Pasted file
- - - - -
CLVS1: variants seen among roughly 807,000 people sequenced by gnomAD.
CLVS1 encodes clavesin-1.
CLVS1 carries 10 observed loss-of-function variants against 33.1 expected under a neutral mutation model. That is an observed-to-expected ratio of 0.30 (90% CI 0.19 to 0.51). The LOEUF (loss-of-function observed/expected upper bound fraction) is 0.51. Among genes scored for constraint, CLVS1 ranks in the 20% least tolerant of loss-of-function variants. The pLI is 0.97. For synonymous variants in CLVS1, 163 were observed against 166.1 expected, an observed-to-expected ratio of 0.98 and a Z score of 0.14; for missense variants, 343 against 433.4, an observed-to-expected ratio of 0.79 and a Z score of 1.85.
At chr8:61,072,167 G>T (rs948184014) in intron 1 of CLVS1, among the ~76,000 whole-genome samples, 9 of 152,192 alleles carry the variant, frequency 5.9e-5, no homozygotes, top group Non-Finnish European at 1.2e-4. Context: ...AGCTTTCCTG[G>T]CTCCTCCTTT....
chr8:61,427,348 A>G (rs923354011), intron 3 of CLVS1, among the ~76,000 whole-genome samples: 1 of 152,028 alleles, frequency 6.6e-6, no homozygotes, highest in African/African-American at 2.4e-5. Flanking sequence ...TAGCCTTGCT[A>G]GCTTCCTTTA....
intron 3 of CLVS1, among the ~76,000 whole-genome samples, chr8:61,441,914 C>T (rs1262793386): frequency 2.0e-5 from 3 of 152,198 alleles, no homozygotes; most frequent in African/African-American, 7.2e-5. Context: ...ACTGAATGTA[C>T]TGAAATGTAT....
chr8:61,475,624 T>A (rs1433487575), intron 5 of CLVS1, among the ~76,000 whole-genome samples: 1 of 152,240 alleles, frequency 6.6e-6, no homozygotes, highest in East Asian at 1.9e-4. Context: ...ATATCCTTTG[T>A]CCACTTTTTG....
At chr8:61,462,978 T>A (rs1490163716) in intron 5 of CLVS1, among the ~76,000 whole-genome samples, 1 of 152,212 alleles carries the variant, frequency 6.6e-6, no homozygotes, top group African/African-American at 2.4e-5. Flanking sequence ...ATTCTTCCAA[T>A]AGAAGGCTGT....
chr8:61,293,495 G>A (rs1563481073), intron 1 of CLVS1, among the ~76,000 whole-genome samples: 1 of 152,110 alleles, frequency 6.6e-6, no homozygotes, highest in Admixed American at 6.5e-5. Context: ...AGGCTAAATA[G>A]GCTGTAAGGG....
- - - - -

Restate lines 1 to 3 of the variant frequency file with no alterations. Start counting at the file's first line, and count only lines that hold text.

CLVS1: variants seen among roughly 807,000 people sequenced by gnomAD.
CLVS1 encodes clavesin-1.
CLVS1 carries 10 observed loss-of-function variants against 33.1 expected under a neutral mutation model. That is an observed-to-expected ratio of 0.30 (90% CI 0.19 to 0.51). The LOEUF (loss-of-function observed/expected upper bound fraction) is 0.51. Among genes scored for constraint, CLVS1 ranks in the 20% least tolerant of loss-of-function variants. The pLI is 0.97. For synonymous variants in CLVS1, 163 were observed against 166.1 expected, an observed-to-expected ratio of 0.98 and a Z score of 0.14; for missense variants, 343 against 433.4, an observed-to-expected ratio of 0.79 and a Z score of 1.85.